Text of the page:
When Christina Walter was crowned the New York State Public High School Athletic Association Division 2 Outdoor Track and Field Champion in the 100-meter dash back in early June, she didn’t get too emotional.
That’s just not her style.
“She’s not one of those to jump up and down and be crazy,” Maple Grove coach Marcus Clark said of the junior with a laugh, “but you can definitely tell she was happy. She was doing a lot of smiling.”
Nowadays, Walter’s old-school, business-as-usual demeanor is refreshing, to be sure, but in this particular case it would have been understandable for her to go at least a little crazy; after all, just a few weeks before some had doubted whether she’d make it back on the track again that season.
But not even an early-season setback – a setback that came in the form of a stress fracture in her left leg – could stand in the way of the Maple Grove Lady Red Dragon and her lofty goals. And when Walter returned from that injury and proceeded to win not only the Section 6, but also, and impressively, the state title before placing second – that’s right, second – in the Federation race (which pits the best runners from the entire state against one another, regardless of Division) behind a sub-12 second time (breaking her own school record for the third time in as many weeks), it was a no-brainer as to who was going to be this year’s Post-Journal Female Track and Field Athlete of the Year.
“She’s got the gift you can’t coach,” Clark said. “She’s one of those success stories where you see hard work fulfilled, because she does work hard – harder than anybody.”
This is the second straight year in which Walter, who the season before last became the first athlete in Maple Grove school history to win a state title when she captured both the 100- and 200-meter Division 2 titles, has proven herself the best track athlete in the area.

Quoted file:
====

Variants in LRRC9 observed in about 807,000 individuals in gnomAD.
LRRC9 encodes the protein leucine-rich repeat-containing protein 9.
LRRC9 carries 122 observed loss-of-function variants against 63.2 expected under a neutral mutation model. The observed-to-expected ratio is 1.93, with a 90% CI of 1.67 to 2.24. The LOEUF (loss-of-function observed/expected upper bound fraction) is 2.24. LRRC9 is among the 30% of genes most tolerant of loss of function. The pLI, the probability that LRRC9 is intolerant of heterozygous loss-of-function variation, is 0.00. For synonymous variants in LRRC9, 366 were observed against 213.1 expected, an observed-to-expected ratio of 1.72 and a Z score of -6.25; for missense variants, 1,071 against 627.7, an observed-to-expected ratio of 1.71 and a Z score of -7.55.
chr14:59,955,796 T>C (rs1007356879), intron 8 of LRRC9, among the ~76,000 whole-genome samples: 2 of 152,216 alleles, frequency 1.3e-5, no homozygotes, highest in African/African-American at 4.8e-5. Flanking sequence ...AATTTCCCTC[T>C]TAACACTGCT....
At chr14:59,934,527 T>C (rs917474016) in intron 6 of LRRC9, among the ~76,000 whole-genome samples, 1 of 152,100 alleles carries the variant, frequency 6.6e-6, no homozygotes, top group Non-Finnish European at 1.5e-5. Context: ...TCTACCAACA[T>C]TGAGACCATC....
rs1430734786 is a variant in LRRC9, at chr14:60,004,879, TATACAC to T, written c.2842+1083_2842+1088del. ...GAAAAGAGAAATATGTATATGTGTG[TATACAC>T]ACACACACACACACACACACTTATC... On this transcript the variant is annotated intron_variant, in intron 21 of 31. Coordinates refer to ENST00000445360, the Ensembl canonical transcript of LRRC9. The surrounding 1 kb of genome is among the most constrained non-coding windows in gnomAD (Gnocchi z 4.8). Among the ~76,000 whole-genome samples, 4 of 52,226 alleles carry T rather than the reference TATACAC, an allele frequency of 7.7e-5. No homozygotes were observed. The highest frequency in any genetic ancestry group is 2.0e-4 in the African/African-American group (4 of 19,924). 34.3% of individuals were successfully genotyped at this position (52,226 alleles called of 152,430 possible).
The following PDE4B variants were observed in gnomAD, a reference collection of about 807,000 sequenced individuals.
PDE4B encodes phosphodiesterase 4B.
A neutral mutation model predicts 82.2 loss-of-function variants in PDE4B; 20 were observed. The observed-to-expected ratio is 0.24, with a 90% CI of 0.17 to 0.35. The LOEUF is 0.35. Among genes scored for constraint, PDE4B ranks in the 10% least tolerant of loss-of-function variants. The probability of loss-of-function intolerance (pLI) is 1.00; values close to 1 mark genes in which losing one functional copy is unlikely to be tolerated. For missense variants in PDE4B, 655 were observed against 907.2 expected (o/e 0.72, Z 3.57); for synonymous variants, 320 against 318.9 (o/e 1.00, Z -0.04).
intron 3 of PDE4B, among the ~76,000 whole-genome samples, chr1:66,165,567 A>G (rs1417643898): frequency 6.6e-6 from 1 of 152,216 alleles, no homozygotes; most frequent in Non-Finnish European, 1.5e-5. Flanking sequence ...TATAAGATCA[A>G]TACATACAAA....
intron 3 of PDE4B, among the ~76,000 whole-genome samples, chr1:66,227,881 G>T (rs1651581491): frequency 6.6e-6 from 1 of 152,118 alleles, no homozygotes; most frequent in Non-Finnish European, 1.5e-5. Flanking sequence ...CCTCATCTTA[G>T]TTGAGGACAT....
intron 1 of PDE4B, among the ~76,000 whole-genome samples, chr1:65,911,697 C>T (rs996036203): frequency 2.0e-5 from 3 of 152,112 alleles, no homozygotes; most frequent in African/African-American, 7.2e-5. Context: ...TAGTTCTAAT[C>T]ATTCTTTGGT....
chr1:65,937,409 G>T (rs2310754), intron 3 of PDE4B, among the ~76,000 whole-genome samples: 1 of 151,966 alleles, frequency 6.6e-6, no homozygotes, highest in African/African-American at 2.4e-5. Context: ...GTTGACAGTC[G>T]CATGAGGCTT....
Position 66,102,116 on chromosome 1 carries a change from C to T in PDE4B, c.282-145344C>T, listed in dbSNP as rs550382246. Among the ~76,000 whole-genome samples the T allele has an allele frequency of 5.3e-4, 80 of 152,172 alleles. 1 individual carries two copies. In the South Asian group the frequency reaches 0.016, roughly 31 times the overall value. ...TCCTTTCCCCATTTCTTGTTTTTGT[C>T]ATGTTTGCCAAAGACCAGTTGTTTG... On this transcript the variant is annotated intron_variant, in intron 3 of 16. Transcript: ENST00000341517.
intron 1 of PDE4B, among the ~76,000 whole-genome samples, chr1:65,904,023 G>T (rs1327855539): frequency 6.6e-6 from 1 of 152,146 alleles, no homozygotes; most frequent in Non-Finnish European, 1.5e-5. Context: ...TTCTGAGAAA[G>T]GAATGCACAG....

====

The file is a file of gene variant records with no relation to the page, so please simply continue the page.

“It was an awesome (season),” Clark marvelled. “She did everything she could possibly do. She had to sacrifice a lot, miss out on some invitationals and miss out on running the 200 at states again, but she still ended up being the second-fastest girl in New York State.”
All together, Walter raced to a first-place finish in the state championships with a time of just 12.20. Then, at the Federation race, she did even better, posting a blistering time of just 11.98, which was a mere 24-tenths of a second shy of winner Kadecia Baird of Medgar Evers Prep School in Brooklyn.
That she could run at such breakneck speed – on the biggest stage – wasn’t a surprise to her coach; it’s exactly that ability to rise to the occasion, in fact, that’s arguably made her the best sprinter in the state two-years running.
“She always runs at the level of competition she has to beat,” Clark said. “She gets out of the gates ahead and maintains enough to win. Christina wants that competition, wants to run against the best. Because you have to beat the best to be the best.”
Walter’s season, deservedly full of high expectations due to her successful sophomore campaign, started out just about as well as could be. She dominated the highly-competitive Olean Invitational, setting new meet and track records on the way to winning both the 100 and 200 against some of the best competition, large school and small, in the area, and even was awarded one of the coveted Fay Cousen’s Memorial Plaque, which is given the day’s most outstanding athletes.
Soon thereafter, however, the pain started. And following an MRI that revealed a stress fracture, it looked as though her junior season might have been prematurely finished.
“For the most part, I’ve always been the optimist,” Clark said, “you have to be when you’re a coach. But in her situation, I kind of wrote her off and figured that anything she could do as far as coming back was just icing on the cake.”
Unlike her coach, however, Walter remained undeterred. So while she dutifully traveled with to meets to support her teammates, she wasn’t about to let her goal of winning another state title slip away. Instead she kept lifting weights, water jogged and, in the end, came back with a vengeance.
“(When she came back) she just got better and better,” Clark said. “She changed all her training – with water jogging and things like that – to come back as soon as possible and without losing anything.
“And I think she did that; she didn’t lose anything.”